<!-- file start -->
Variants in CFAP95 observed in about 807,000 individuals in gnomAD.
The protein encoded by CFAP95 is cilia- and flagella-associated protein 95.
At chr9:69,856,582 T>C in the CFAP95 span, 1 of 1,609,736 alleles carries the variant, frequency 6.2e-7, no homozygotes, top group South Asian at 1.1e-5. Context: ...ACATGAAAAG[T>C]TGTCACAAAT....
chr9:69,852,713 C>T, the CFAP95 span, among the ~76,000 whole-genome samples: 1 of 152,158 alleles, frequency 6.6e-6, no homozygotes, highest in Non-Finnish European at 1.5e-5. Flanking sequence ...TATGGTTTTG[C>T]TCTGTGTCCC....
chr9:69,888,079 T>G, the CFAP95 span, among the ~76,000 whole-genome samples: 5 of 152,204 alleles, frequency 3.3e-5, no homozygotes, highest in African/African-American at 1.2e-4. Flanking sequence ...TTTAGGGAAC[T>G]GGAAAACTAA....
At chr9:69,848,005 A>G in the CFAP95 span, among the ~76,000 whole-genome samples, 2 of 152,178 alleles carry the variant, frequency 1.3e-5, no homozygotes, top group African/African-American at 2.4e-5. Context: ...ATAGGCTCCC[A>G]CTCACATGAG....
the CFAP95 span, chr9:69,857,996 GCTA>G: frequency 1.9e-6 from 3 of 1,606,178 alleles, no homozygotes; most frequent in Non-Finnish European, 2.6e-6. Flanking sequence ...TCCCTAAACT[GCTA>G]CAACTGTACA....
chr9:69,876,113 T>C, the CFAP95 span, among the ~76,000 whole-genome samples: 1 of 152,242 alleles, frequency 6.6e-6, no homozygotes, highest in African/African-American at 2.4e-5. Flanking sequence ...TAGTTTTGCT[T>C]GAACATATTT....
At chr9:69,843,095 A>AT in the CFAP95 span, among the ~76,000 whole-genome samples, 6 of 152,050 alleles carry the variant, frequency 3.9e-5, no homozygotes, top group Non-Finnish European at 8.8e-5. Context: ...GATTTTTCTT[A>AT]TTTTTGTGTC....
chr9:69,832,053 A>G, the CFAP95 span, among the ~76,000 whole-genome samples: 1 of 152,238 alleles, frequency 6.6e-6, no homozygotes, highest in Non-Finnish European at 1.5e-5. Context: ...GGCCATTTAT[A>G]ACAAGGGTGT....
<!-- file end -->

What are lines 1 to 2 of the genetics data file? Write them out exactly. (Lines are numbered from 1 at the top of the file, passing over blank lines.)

Variants in CFAP95 observed in about 807,000 individuals in gnomAD.
The protein encoded by CFAP95 is cilia- and flagella-associated protein 95.